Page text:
4.2.2. The NSA’s Perspective

Some of the respondents in the Geneva Association’s survey indicated conservatism of the national supervisory authorities (NSAs) as a barrier to innovate (The Geneva Association 2021, p. 10). This conservatism may result from the fact that the NSAs do not understand or have sufficient knowledge on how the InsurTechs actually work. Naturally, it builds a mistrust on the NSAs’ side and implies stricter approach towards the supervision of InsurTechs.
The NSAs main goal is to ensure that customers enjoy the same level of protection, regardless of the distribution channel. The IAIS understands that the new technologies and innovations provide a unique opportunity to provide customers with products that are tailored to their needs in a best possible way, however, the IAIS’ concern is whether the processes behind the use of new technology are fair. The IAIS has thoroughly analyzed the most popular innovations used in the market and voiced its concerns regarding the potential risks they may pose to the customers. The following represent a few examples. First, introduction of innovative solutions usually increases the number of parties involved in the execution of insurance relationship and makes the interactions more complex (Braad Olesen 2017). Second, the use of digital marketing campaigns and the increased collection and use of data (e.g., via social media platforms) may lead to customers being manipulated to buy an insurance product, without them being aware (IAIS 2018, pp. 15–16). Third, it is doubtful if the automated advice can solve every limitation of traditional face-to-face advice and therefore replace the human advice. IAIS believes that the automated advice may pose the risk of misunderstanding or a reduced detection of contradicting answers by customers if the automation is total. Furthermore, one of the most challenging aspects is if the automated advisors can detect when the customer is in doubt (IAIS 2018, p. 19). Fourth, there are price comparison websites that are not subject to specific disclosure requirements. In such a case, transparency is reduced, and it may affect adversely the customers’ ability to make informed decisions (IAIS 2018, p. 20). Finally, reduction of transparency is also observed where algorithms and automated decision-making are employed. Here, it is feared that it can lead to unfair discrimination, or the policyholders may complain that forecasts made by an algorithm might not be explainable (IAIS 2020, pp. 11–12). For this reason, the German NSA has already stated that black-box models would not be accepted (BaFin 2018, p. 13).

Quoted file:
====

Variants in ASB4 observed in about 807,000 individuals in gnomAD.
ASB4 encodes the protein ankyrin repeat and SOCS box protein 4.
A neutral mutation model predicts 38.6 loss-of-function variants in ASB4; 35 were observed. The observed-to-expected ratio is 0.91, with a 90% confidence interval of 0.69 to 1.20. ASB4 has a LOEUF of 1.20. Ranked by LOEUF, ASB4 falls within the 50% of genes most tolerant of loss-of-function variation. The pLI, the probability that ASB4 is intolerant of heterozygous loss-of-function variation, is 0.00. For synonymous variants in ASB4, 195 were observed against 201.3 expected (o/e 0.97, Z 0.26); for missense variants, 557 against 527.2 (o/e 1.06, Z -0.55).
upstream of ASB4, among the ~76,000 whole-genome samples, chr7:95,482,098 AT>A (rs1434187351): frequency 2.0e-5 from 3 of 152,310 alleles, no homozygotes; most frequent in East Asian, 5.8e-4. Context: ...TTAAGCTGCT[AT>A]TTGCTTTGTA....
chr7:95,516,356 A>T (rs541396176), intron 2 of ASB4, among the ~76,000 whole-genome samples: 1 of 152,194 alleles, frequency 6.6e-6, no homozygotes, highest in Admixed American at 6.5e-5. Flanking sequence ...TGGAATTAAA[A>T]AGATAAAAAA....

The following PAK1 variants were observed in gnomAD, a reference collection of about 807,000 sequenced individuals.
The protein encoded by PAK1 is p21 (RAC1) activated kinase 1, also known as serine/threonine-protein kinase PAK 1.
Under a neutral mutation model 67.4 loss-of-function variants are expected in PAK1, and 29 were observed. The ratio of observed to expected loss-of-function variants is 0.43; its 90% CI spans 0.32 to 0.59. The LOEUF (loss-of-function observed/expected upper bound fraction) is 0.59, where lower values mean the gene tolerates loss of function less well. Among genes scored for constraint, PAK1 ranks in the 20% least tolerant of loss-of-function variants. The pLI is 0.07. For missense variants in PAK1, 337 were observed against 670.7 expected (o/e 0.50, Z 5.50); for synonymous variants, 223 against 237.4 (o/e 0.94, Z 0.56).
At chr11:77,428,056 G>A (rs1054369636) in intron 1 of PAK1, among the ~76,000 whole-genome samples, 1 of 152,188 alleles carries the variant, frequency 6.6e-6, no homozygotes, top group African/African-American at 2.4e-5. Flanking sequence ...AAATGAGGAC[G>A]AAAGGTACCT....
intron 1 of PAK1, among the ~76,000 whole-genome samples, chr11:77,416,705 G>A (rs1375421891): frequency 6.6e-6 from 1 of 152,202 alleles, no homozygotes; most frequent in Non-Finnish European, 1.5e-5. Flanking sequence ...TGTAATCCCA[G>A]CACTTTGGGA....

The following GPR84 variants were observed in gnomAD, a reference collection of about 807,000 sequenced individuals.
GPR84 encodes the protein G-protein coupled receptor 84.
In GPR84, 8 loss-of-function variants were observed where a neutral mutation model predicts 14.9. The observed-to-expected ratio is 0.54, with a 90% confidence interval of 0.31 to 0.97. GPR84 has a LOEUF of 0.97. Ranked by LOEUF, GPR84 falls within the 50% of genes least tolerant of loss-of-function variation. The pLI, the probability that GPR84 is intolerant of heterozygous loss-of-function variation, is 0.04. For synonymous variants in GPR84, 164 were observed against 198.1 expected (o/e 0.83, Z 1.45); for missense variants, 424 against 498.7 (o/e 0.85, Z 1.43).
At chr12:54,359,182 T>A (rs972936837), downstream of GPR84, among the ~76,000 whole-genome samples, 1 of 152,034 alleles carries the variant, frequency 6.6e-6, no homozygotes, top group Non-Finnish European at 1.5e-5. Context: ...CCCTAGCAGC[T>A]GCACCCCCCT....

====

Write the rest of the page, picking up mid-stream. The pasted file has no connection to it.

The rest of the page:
As already mentioned, there is no doubt that innovation is necessary for the development of the markets and products and that its implementation should be strongly supported also by the NSAs (IAIS 2018, p. 34). Nevertheless, the above concerns cannot be ignored. The NSAs are thus facing the challenge of finding the right balance between acting as a promoter of the innovative solutions and businesses and protecting the customer. To do so, it is crucial for the NSAs to understand how exactly these innovations work and how the InsurTechs are behaving with impact on outcomes for consumers.
Other than innovations as such, the NSAs may also not be familiar with the specificity of entities providing the innovations that wish to enter the insurance markets. Unlike the traditional insurers and insurance intermediaries, the InsurTech companies may not have experience or knowledge of financial services regulation, may have different entity structures and approaches to consumer related risks. The IAIS notices that it may require a proactive strategy for outreach and engagement with these new entrants to inform and “educate” them on relevant supervisory matters and the proper compliance attitude (IAIS 2018, p. 30). One way to know the InsurTech business better is establishing a ‘regulatory sandbox’ approach designed to assist new market entries. More precisely, it helps InsurTech companies to gain access to fast, frank feedback on the regulatory implications of their solutions, and identifies areas where the regulatory framework needs to adapt to enable further innovation in the interests of consumers.